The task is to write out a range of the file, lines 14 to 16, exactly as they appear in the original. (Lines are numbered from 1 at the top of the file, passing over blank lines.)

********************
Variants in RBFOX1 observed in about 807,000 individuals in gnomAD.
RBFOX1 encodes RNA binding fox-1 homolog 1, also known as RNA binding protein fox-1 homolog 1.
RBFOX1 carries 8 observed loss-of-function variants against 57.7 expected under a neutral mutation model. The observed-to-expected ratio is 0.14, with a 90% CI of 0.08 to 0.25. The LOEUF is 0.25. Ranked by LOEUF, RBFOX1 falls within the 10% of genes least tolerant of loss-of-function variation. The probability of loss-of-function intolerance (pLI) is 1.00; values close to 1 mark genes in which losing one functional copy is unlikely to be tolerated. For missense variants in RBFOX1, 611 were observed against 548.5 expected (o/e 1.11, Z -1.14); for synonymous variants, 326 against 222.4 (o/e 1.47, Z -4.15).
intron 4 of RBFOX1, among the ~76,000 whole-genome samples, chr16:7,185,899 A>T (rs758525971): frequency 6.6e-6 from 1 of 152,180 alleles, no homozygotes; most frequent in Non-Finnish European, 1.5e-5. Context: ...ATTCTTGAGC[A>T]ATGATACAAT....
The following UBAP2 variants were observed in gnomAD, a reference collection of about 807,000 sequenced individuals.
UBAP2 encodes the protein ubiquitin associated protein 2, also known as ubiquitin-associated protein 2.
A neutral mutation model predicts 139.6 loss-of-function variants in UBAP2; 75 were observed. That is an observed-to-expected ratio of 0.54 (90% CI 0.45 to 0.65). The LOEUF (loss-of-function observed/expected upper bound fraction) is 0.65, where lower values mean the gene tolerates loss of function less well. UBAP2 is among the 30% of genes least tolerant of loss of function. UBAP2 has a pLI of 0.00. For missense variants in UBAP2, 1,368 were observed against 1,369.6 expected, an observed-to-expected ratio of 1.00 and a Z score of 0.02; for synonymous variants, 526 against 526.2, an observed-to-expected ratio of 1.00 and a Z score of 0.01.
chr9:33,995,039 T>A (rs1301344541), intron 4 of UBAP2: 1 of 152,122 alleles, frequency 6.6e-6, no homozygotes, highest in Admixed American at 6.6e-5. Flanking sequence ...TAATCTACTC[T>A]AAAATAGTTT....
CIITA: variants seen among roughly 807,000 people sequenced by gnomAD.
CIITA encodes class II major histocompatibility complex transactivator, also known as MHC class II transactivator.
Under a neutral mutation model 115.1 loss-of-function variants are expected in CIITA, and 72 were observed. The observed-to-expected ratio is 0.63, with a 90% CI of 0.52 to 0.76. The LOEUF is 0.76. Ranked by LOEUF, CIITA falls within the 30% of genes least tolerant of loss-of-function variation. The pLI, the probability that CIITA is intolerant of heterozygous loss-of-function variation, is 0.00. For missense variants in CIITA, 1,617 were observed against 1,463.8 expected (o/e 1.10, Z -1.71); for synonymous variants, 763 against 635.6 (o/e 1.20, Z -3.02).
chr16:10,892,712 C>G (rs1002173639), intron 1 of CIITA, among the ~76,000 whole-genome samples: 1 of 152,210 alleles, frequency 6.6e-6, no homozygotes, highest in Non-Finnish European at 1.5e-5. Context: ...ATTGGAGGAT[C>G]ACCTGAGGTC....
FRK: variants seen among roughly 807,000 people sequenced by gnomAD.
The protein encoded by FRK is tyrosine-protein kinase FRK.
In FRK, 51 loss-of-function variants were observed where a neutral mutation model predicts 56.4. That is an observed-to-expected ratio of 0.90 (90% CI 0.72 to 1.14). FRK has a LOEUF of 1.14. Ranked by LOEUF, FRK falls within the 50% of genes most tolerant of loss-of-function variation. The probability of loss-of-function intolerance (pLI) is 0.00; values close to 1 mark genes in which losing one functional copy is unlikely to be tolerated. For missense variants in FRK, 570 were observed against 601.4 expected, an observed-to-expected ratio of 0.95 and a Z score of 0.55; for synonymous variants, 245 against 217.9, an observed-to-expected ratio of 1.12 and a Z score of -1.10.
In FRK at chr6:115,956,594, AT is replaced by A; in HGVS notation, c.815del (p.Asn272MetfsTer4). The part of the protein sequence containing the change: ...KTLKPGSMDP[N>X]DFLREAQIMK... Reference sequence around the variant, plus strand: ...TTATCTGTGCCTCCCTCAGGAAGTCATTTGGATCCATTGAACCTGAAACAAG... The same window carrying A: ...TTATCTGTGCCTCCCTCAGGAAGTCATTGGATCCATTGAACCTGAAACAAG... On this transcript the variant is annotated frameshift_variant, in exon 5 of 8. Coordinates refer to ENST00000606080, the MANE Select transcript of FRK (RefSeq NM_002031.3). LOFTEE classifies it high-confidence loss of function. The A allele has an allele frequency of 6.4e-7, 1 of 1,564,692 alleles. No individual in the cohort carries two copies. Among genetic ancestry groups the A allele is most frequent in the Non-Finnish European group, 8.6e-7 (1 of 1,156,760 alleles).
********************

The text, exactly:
The protein encoded by FRK is tyrosine-protein kinase FRK.
In FRK, 51 loss-of-function variants were observed where a neutral mutation model predicts 56.4. That is an observed-to-expected ratio of 0.90 (90% CI 0.72 to 1.14). FRK has a LOEUF of 1.14. Ranked by LOEUF, FRK falls within the 50% of genes most tolerant of loss-of-function variation. The probability of loss-of-function intolerance (pLI) is 0.00; values close to 1 mark genes in which losing one functional copy is unlikely to be tolerated. For missense variants in FRK, 570 were observed against 601.4 expected, an observed-to-expected ratio of 0.95 and a Z score of 0.55; for synonymous variants, 245 against 217.9, an observed-to-expected ratio of 1.12 and a Z score of -1.10.
In FRK at chr6:115,956,594, AT is replaced by A; in HGVS notation, c.815del (p.Asn272MetfsTer4). The part of the protein sequence containing the change: ...KTLKPGSMDP[N>X]DFLREAQIMK... Reference sequence around the variant, plus strand: ...TTATCTGTGCCTCCCTCAGGAAGTCATTTGGATCCATTGAACCTGAAACAAG... The same window carrying A: ...TTATCTGTGCCTCCCTCAGGAAGTCATTGGATCCATTGAACCTGAAACAAG... On this transcript the variant is annotated frameshift_variant, in exon 5 of 8. Coordinates refer to ENST00000606080, the MANE Select transcript of FRK (RefSeq NM_002031.3). LOFTEE classifies it high-confidence loss of function. The A allele has an allele frequency of 6.4e-7, 1 of 1,564,692 alleles. No individual in the cohort carries two copies. Among genetic ancestry groups the A allele is most frequent in the Non-Finnish European group, 8.6e-7 (1 of 1,156,760 alleles).